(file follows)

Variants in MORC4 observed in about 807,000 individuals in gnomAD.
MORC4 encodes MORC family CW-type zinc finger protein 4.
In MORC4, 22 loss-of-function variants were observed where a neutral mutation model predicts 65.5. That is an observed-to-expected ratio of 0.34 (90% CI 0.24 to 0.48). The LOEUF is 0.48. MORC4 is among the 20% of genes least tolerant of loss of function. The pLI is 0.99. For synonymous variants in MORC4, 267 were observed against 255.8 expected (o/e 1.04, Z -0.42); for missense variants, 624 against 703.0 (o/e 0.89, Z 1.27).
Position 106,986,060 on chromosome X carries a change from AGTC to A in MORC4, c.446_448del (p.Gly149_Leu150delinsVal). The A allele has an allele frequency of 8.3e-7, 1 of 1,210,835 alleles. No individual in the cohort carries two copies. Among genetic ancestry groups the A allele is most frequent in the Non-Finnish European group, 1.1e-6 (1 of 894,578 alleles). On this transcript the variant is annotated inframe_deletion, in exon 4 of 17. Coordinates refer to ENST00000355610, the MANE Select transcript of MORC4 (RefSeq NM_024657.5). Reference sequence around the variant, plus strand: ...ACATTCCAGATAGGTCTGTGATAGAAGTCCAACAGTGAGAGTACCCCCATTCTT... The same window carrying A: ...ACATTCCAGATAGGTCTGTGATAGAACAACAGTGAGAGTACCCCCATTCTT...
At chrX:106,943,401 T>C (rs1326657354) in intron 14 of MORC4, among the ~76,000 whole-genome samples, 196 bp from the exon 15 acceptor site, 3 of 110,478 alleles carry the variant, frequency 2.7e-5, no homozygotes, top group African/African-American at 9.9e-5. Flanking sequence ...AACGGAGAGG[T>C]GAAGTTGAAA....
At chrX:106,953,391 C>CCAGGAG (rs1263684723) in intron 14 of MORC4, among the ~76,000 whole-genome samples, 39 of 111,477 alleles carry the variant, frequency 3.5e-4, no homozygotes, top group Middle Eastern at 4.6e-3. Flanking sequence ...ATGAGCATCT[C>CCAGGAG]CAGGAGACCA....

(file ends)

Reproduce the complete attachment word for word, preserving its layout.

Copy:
Variants in MORC4 observed in about 807,000 individuals in gnomAD.
MORC4 encodes MORC family CW-type zinc finger protein 4.
In MORC4, 22 loss-of-function variants were observed where a neutral mutation model predicts 65.5. That is an observed-to-expected ratio of 0.34 (90% CI 0.24 to 0.48). The LOEUF is 0.48. MORC4 is among the 20% of genes least tolerant of loss of function. The pLI is 0.99. For synonymous variants in MORC4, 267 were observed against 255.8 expected (o/e 1.04, Z -0.42); for missense variants, 624 against 703.0 (o/e 0.89, Z 1.27).
Position 106,986,060 on chromosome X carries a change from AGTC to A in MORC4, c.446_448del (p.Gly149_Leu150delinsVal). The A allele has an allele frequency of 8.3e-7, 1 of 1,210,835 alleles. No individual in the cohort carries two copies. Among genetic ancestry groups the A allele is most frequent in the Non-Finnish European group, 1.1e-6 (1 of 894,578 alleles). On this transcript the variant is annotated inframe_deletion, in exon 4 of 17. Coordinates refer to ENST00000355610, the MANE Select transcript of MORC4 (RefSeq NM_024657.5). Reference sequence around the variant, plus strand: ...ACATTCCAGATAGGTCTGTGATAGAAGTCCAACAGTGAGAGTACCCCCATTCTT... The same window carrying A: ...ACATTCCAGATAGGTCTGTGATAGAACAACAGTGAGAGTACCCCCATTCTT...
At chrX:106,943,401 T>C (rs1326657354) in intron 14 of MORC4, among the ~76,000 whole-genome samples, 196 bp from the exon 15 acceptor site, 3 of 110,478 alleles carry the variant, frequency 2.7e-5, no homozygotes, top group African/African-American at 9.9e-5. Flanking sequence ...AACGGAGAGG[T>C]GAAGTTGAAA....
At chrX:106,953,391 C>CCAGGAG (rs1263684723) in intron 14 of MORC4, among the ~76,000 whole-genome samples, 39 of 111,477 alleles carry the variant, frequency 3.5e-4, no homozygotes, top group Middle Eastern at 4.6e-3. Flanking sequence ...ATGAGCATCT[C>CCAGGAG]CAGGAGACCA....